Wednesday, March 28, 2012

[NetGalley + ARC Review]: "Shadows on the Moon"

Shadows on the Moon by Zoe Marriott
Publisher: Candlewick (April 24, 2012)
Genre: Teen Fantasy
Summary (
A powerful tale of magic, love, and revenge set in fairy-tale Japan.

Trained in the magical art of shadow-weaving, sixteen-year-old Suzume is able to re-create herself in any form - a fabulous gift for a girl desperate to escape her past. But who is she really? Is she a girl of noble birth living under the tyranny of her mother's new husband, Lord Terayama? Or a lowly drudge scraping a living in the ashes of Terayama's kitchens? Or is she Yue, the most beautiful courtesan in the Moonlit Lands? Whatever her true identity, Suzume is destined to use her skills to steal the heart of a prince in a revenge plot to destroy Terayama. And nothing will stop her, not even the one true aspect of her life- her love for a fellow shadow-weaver.

Where to Buy*:
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My Review:

Anyone familiar with my review style knows that I often begin a review with a shortened summary of the book. However, upon finishing Shadows on the Moon, I pulled out my notebook...and found myself still staring at the blank paper ten minutes later. As much as I enjoyed Zoe Marriott's newest novel, I simply could not write a summary on it. It's impossible. The storyline is not simple; it cannot be summed up in a few brief sentences—at least not my sentences! If I tried to do so, not only would I ruin the beauty of this novel, but I'd probably confuse you while trying accurately explain it.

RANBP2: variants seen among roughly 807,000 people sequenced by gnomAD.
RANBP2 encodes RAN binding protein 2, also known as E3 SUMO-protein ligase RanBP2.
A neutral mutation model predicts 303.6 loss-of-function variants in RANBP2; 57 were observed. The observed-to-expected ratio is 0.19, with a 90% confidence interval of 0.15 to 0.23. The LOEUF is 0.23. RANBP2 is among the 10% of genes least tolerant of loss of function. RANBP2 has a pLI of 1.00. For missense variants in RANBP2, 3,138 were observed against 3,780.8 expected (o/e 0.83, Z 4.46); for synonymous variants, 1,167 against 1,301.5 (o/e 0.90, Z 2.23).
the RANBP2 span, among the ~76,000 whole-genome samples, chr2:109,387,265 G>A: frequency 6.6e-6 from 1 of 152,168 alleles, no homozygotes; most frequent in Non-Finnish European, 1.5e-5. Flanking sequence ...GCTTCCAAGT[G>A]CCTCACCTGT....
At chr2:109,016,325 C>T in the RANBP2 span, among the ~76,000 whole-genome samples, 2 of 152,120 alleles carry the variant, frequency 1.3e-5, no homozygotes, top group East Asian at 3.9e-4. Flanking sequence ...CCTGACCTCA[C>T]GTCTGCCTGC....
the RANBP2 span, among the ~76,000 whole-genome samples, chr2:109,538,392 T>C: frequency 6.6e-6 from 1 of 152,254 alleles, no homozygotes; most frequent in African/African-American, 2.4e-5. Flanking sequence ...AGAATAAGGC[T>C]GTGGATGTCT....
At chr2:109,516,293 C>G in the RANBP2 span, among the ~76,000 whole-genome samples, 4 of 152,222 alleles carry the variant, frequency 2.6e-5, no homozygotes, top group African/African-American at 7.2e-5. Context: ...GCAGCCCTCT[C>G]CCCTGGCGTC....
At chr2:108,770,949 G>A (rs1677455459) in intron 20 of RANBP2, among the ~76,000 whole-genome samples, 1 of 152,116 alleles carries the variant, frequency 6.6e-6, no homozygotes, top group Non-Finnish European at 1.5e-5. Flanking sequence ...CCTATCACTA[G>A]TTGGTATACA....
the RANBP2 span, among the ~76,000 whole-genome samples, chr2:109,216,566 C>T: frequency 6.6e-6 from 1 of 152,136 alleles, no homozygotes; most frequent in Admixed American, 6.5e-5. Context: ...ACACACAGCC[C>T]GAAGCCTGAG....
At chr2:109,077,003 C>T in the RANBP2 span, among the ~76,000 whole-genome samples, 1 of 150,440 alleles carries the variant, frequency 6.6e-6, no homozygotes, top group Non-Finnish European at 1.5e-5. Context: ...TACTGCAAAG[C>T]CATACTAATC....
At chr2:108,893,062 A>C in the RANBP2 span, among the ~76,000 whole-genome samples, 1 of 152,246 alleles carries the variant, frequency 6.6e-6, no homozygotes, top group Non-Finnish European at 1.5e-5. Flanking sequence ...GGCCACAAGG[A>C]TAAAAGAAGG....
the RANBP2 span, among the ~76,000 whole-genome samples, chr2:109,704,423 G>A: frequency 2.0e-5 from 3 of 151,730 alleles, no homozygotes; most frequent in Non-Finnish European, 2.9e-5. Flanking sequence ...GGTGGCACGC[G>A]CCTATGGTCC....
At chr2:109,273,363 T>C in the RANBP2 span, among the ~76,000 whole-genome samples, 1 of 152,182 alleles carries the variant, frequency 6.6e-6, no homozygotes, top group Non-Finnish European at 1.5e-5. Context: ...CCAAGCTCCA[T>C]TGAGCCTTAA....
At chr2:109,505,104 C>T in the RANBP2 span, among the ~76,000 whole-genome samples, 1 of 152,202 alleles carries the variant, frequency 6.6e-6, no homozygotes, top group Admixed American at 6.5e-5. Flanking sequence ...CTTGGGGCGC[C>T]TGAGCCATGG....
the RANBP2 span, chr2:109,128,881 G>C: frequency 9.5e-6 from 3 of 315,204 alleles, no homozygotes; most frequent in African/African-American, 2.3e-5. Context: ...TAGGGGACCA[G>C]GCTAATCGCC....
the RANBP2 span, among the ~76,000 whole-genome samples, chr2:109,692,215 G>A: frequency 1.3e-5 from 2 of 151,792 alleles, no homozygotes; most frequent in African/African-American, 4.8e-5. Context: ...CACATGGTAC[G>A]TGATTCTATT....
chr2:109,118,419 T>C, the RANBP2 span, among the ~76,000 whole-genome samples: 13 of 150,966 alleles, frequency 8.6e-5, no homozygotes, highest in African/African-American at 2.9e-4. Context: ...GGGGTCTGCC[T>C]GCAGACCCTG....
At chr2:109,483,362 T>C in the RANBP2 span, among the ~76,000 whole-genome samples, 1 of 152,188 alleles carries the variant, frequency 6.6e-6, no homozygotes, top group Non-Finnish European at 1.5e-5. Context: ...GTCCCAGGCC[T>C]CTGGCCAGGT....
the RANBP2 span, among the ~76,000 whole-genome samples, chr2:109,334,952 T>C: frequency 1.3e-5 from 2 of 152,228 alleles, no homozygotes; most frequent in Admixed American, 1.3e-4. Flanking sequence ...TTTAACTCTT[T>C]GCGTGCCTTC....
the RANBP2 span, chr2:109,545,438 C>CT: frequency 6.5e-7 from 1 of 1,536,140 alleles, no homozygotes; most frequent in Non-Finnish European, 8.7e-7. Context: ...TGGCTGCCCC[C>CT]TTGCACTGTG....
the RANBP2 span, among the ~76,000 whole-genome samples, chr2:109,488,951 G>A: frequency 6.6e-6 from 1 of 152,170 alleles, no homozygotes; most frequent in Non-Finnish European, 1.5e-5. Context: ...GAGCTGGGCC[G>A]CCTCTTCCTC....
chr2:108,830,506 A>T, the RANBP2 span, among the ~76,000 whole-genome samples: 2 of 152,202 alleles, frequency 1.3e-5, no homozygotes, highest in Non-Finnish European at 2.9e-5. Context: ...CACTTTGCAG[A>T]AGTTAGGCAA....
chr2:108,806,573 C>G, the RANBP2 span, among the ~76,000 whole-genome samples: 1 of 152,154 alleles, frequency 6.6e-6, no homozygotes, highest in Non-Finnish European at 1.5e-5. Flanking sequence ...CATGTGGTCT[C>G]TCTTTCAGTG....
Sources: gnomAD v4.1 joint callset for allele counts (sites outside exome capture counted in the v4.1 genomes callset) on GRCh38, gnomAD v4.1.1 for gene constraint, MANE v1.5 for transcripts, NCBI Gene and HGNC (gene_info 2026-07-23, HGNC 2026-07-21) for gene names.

So I will limit my “summary” attempt to this brief sentence: Shadows on the Moon is a beautiful story of revenge—and how holding it in can turn hideous.

See? I told you I do not possess the words, nor the skill, to describe this tale. Now you are no doubt wondering what is so special about this book? Well, let me see if I can at least answer that question.

As I've explained before (see my other reviews on Marriott's work, here and here), Zoe Marriott has the rare ability to weave wonderful, relatable stories with a lush, fantasy setting. Though they may be completely make-believe, mere figments of Marriott's imagination, the story seems so real, so vivid, that you would think you were watching an actual scene unfold in front of your eyes. Marriott proves this yet again in Shadows on the Moon, putting enough rich details and flowing descriptions onto the pages to make them come alive in your hands.
However, while I was able to clearly picture the world, characters, and settings in her previous novels, I had a harder time doing so with Shadows on the Moon. It wasn't from lack of talent on Marriott's part (far from it!) but rather from the added complexity that this fantasy world had in it. I didn't have a clue what many of the outfits described in this book actually looked like—it was simply beyond any items I've seen and therefore could connect to the descriptions provided. For other readers, this may not be nearly as big of a problem.